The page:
In Canada and The U.S.
In North America, most buildings known as cottages are used for weekend or summer getaways by city dwellers. It is also common for the owners of cottages to rent their properties to tourists as a source of revenue. In Saint John, U.S. Virgin Islands, most buildings known as cottages or vacation rentals are used for weekend or summer getaways. In Michigan, when one refers to a cottage it normally means a summer residence farther north near or on a lake.
"Cottages" in Eastern Canada are generally located next to lakes, rivers, or the ocean in forested areas. They are used as a place to spend holidays with friends and family; common activities including swimming, canoeing, waterskiing, fishing, hiking, and sailing. There are also many well-known summer colonies.
Cottage living is one of the most popular tourist draws in Ontario, Canada, parts of which have come to be known as cottage country. This term typically refers to the north and south shores of Georgian Bay, Ontario; Muskoka, Ontario; Haliburton, Ontario; and the Kawartha Lakes, Ontario; but has also been used to describe several other Canadian regions. The practice of renting cottages has become widespread in these regions, especially with rising property taxes for waterfront property.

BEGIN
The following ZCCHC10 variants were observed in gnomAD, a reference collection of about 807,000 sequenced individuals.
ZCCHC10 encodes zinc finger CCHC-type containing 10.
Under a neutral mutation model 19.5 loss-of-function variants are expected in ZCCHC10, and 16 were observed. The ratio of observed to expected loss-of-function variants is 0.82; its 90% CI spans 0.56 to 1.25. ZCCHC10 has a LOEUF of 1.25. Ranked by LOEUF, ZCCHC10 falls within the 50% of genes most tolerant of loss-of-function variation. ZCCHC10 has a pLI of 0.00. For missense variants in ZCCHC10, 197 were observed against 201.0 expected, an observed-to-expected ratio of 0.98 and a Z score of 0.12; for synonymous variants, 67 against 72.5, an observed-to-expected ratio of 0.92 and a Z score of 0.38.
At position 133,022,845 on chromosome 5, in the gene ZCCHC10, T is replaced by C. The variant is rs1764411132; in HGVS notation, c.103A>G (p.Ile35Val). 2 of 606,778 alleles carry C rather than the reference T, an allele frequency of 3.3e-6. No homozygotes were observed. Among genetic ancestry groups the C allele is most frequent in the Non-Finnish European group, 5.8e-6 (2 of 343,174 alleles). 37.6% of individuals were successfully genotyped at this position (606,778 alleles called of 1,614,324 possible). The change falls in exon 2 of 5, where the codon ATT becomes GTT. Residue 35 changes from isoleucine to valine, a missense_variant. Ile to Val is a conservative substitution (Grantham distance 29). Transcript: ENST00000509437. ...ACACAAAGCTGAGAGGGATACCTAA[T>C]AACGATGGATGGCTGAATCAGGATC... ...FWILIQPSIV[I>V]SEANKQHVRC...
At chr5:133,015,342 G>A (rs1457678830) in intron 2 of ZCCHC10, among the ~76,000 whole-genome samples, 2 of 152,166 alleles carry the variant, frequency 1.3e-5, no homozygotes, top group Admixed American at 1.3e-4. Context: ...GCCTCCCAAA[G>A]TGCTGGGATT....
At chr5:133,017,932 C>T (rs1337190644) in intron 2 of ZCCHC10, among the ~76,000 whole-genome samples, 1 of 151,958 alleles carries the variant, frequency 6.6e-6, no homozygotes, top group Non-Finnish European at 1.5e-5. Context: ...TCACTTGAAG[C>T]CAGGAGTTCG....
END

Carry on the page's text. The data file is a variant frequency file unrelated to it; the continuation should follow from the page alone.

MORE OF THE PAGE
What Eastern Canadians refer to as "cottages" (seasonal-use dwellings), are generally referred to as "cabins" in most of North America. This is most notable in the Midwest and Western United States, and Western Canada. In much of Northern Ontario, New England, and upstate New York, a summer house near a body of water is known as a camp.
In the 1960s and 1970s, the A-Frame house became a popular cottage style in North America.
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Famous quotes containing the word canada:
“This universal exhibition in Canada of the tools and sinews of war reminded me of the keeper of a menagerie showing his animals claws. It was the English leopard showing his claws.”
—Henry David Thoreau (18171862)